Lost in Paris

A Jacques-Tati-on-a-shoestring romance that never misses an opportunity for a sight gag or other lightweight silliness.

Formalistic whimsy is a tricky thing to get right. (It also existed long before Wes Anderson, but that’s another matter entirely.) Married couple Dominique Abel and Fiona Gordon’s latest film Lost in Paris gets it right, creating a sort of Jacques-Tati-on-a-shoestring romance that never misses an opportunity for a sight gag or other lightweight silliness. Fiona (Gordon) is a tall, gawky librarian — the best kind! — in a snowbound Canadian town that might as well be the title locale from Dawson City: Frozen Time. She receives an overdue letter from her long-lost Aunt Martha (Emmanuelle Riva), beckoning to join her in Paris.

There, Fiona promptly loses her belongings and becomes involved with an average-sized tramp named Dom (Abel) who helps her track down Martha, though the increasingly dotty aunt doesn’t necessarily want to be found. The tone is so sweet and affable that the film almost pulls off the impossible feat of a cross-dressing joke that isn’t pointless and outdated. Lost in Paris also features the best scratchy-vinyl-needle-drop soundtrack since Woody Allen back when he gave a damn, much of it no doubt their favorite music, including Frank Zappa’s “Chunga’s Revenge,” and four uses of Kate and Anna McGarrigle’s “The Swimming Song.” Like formalistic whimsy, self-indulgence is tricky to get right, and Abel and Gordon do.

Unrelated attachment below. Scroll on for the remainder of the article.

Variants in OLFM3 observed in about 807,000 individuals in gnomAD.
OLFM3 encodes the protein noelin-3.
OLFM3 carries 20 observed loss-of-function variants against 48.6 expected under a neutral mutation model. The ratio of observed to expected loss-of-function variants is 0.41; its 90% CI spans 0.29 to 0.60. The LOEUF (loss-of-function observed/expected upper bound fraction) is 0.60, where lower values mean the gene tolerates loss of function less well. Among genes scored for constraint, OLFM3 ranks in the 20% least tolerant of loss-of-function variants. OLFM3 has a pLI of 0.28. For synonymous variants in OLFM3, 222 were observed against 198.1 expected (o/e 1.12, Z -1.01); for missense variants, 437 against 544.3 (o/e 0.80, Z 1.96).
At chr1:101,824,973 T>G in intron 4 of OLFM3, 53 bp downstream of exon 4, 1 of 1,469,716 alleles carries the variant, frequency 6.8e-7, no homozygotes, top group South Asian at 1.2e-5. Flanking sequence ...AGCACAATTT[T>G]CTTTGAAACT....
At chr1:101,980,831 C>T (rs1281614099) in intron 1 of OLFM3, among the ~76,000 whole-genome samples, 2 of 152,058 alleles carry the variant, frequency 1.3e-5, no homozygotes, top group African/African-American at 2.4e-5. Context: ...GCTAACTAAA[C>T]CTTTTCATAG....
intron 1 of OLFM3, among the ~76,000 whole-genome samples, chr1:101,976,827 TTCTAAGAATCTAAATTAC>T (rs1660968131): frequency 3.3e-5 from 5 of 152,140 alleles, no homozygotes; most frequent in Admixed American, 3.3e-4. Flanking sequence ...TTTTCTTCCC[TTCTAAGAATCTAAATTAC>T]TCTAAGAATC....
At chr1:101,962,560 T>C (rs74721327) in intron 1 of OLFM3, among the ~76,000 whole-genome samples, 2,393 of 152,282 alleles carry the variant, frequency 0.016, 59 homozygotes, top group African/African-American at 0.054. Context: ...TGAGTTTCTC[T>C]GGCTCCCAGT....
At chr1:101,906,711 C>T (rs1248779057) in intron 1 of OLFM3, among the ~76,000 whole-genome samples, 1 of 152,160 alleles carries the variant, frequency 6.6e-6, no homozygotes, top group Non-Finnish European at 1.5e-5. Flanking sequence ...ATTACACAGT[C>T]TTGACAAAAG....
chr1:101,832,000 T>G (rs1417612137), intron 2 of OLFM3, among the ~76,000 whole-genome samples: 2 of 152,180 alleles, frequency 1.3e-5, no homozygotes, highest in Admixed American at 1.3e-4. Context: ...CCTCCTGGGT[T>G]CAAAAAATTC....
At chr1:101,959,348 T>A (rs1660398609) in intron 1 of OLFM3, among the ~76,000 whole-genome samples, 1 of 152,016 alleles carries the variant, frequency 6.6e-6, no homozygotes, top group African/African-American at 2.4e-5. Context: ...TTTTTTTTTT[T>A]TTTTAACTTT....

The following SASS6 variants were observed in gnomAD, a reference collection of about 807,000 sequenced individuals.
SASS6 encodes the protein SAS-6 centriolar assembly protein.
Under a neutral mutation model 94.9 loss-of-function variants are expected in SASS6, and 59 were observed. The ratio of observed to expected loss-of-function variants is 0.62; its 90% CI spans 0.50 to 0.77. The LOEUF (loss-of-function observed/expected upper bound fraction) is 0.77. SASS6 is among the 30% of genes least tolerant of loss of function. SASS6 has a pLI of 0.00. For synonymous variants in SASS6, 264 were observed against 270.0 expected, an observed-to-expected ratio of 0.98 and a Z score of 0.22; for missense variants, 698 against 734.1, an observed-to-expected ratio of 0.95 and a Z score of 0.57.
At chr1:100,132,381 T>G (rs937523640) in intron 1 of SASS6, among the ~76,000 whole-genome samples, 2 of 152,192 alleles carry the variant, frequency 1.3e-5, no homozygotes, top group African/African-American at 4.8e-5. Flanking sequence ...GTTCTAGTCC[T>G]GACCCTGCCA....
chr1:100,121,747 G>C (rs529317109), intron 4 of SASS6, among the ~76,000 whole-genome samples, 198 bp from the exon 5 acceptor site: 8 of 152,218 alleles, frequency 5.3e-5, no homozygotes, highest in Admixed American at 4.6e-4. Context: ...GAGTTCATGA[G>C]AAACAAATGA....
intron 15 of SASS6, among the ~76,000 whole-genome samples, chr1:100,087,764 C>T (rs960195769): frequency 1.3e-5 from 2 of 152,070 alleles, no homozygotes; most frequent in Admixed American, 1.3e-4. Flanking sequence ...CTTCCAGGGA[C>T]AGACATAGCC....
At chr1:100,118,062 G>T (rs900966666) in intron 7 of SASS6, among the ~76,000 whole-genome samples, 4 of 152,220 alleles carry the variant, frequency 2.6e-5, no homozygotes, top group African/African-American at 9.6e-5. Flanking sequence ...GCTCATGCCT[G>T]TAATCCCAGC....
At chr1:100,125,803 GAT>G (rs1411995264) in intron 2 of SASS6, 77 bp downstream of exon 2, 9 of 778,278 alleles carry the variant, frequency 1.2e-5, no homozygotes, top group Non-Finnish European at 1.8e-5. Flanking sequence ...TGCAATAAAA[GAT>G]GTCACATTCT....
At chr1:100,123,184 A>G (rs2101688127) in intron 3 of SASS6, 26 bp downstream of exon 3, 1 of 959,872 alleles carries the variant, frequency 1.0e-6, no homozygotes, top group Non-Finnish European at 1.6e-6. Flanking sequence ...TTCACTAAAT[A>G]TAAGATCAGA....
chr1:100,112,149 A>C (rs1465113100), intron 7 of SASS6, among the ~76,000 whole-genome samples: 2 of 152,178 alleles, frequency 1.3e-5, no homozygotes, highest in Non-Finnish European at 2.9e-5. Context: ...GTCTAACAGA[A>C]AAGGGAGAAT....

Lost in Paris
Not rated.
Opens Friday at the Opera Plaza Cinema.

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